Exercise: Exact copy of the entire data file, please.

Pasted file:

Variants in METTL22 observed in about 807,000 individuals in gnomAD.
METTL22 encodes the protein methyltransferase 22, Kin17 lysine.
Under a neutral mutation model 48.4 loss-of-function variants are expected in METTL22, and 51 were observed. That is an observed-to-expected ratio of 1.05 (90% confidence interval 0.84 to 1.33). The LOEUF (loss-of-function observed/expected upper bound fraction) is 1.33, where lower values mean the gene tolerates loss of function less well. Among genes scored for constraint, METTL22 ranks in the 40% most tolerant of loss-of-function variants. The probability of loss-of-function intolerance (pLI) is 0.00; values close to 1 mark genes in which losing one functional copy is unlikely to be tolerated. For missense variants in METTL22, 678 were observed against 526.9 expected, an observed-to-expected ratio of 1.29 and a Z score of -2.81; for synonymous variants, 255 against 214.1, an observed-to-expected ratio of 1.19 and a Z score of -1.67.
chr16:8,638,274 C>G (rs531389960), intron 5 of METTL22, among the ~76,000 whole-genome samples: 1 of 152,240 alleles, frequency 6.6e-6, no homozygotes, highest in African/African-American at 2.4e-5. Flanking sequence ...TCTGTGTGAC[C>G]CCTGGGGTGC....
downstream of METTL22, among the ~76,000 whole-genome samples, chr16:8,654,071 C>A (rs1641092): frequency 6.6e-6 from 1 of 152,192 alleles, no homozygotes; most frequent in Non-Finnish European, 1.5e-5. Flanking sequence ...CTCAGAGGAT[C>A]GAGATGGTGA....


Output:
Variants in METTL22 observed in about 807,000 individuals in gnomAD.
METTL22 encodes the protein methyltransferase 22, Kin17 lysine.
Under a neutral mutation model 48.4 loss-of-function variants are expected in METTL22, and 51 were observed. That is an observed-to-expected ratio of 1.05 (90% confidence interval 0.84 to 1.33). The LOEUF (loss-of-function observed/expected upper bound fraction) is 1.33, where lower values mean the gene tolerates loss of function less well. Among genes scored for constraint, METTL22 ranks in the 40% most tolerant of loss-of-function variants. The probability of loss-of-function intolerance (pLI) is 0.00; values close to 1 mark genes in which losing one functional copy is unlikely to be tolerated. For missense variants in METTL22, 678 were observed against 526.9 expected, an observed-to-expected ratio of 1.29 and a Z score of -2.81; for synonymous variants, 255 against 214.1, an observed-to-expected ratio of 1.19 and a Z score of -1.67.
chr16:8,638,274 C>G (rs531389960), intron 5 of METTL22, among the ~76,000 whole-genome samples: 1 of 152,240 alleles, frequency 6.6e-6, no homozygotes, highest in African/African-American at 2.4e-5. Flanking sequence ...TCTGTGTGAC[C>G]CCTGGGGTGC....
downstream of METTL22, among the ~76,000 whole-genome samples, chr16:8,654,071 C>A (rs1641092): frequency 6.6e-6 from 1 of 152,192 alleles, no homozygotes; most frequent in Non-Finnish European, 1.5e-5. Flanking sequence ...CTCAGAGGAT[C>A]GAGATGGTGA....